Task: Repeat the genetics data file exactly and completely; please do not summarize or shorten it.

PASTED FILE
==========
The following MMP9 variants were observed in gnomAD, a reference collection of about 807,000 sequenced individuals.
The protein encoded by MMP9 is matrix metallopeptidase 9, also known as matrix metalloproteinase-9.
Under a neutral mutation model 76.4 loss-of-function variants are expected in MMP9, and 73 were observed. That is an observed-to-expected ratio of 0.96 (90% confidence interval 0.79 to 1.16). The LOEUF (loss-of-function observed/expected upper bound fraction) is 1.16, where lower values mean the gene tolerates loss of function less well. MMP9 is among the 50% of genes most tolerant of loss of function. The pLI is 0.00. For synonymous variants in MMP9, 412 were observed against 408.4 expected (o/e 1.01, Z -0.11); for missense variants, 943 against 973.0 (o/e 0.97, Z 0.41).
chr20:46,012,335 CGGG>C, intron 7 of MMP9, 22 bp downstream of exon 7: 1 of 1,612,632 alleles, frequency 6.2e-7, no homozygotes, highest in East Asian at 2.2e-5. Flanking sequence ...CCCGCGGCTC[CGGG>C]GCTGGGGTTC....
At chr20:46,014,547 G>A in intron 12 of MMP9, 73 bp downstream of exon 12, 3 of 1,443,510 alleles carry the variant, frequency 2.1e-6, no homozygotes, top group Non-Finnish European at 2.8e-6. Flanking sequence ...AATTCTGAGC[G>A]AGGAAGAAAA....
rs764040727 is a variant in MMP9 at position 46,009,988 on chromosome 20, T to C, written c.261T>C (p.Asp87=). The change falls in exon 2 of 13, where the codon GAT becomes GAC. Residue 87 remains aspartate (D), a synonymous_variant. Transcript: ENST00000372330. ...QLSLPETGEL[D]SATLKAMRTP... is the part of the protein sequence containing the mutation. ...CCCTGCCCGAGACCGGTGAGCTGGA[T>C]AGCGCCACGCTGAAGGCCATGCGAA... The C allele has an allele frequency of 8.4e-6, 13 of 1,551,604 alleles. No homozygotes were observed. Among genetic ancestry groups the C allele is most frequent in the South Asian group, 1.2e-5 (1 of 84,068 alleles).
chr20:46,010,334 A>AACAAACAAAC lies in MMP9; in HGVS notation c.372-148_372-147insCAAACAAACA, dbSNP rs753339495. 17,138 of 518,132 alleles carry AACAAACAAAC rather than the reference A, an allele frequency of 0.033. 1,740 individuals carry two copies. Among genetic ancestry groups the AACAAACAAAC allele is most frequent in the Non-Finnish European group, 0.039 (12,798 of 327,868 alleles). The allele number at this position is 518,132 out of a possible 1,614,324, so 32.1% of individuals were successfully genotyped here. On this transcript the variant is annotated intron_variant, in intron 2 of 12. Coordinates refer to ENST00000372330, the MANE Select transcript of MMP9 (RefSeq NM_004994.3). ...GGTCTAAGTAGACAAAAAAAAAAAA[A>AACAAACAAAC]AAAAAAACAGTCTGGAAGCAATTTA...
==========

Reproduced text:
The following MMP9 variants were observed in gnomAD, a reference collection of about 807,000 sequenced individuals.
The protein encoded by MMP9 is matrix metallopeptidase 9, also known as matrix metalloproteinase-9.
Under a neutral mutation model 76.4 loss-of-function variants are expected in MMP9, and 73 were observed. That is an observed-to-expected ratio of 0.96 (90% confidence interval 0.79 to 1.16). The LOEUF (loss-of-function observed/expected upper bound fraction) is 1.16, where lower values mean the gene tolerates loss of function less well. MMP9 is among the 50% of genes most tolerant of loss of function. The pLI is 0.00. For synonymous variants in MMP9, 412 were observed against 408.4 expected (o/e 1.01, Z -0.11); for missense variants, 943 against 973.0 (o/e 0.97, Z 0.41).
chr20:46,012,335 CGGG>C, intron 7 of MMP9, 22 bp downstream of exon 7: 1 of 1,612,632 alleles, frequency 6.2e-7, no homozygotes, highest in East Asian at 2.2e-5. Flanking sequence ...CCCGCGGCTC[CGGG>C]GCTGGGGTTC....
At chr20:46,014,547 G>A in intron 12 of MMP9, 73 bp downstream of exon 12, 3 of 1,443,510 alleles carry the variant, frequency 2.1e-6, no homozygotes, top group Non-Finnish European at 2.8e-6. Flanking sequence ...AATTCTGAGC[G>A]AGGAAGAAAA....
rs764040727 is a variant in MMP9 at position 46,009,988 on chromosome 20, T to C, written c.261T>C (p.Asp87=). The change falls in exon 2 of 13, where the codon GAT becomes GAC. Residue 87 remains aspartate (D), a synonymous_variant. Transcript: ENST00000372330. ...QLSLPETGEL[D]SATLKAMRTP... is the part of the protein sequence containing the mutation. ...CCCTGCCCGAGACCGGTGAGCTGGA[T>C]AGCGCCACGCTGAAGGCCATGCGAA... The C allele has an allele frequency of 8.4e-6, 13 of 1,551,604 alleles. No homozygotes were observed. Among genetic ancestry groups the C allele is most frequent in the South Asian group, 1.2e-5 (1 of 84,068 alleles).
chr20:46,010,334 A>AACAAACAAAC lies in MMP9; in HGVS notation c.372-148_372-147insCAAACAAACA, dbSNP rs753339495. 17,138 of 518,132 alleles carry AACAAACAAAC rather than the reference A, an allele frequency of 0.033. 1,740 individuals carry two copies. Among genetic ancestry groups the AACAAACAAAC allele is most frequent in the Non-Finnish European group, 0.039 (12,798 of 327,868 alleles). The allele number at this position is 518,132 out of a possible 1,614,324, so 32.1% of individuals were successfully genotyped here. On this transcript the variant is annotated intron_variant, in intron 2 of 12. Coordinates refer to ENST00000372330, the MANE Select transcript of MMP9 (RefSeq NM_004994.3). ...GGTCTAAGTAGACAAAAAAAAAAAA[A>AACAAACAAAC]AAAAAAACAGTCTGGAAGCAATTTA...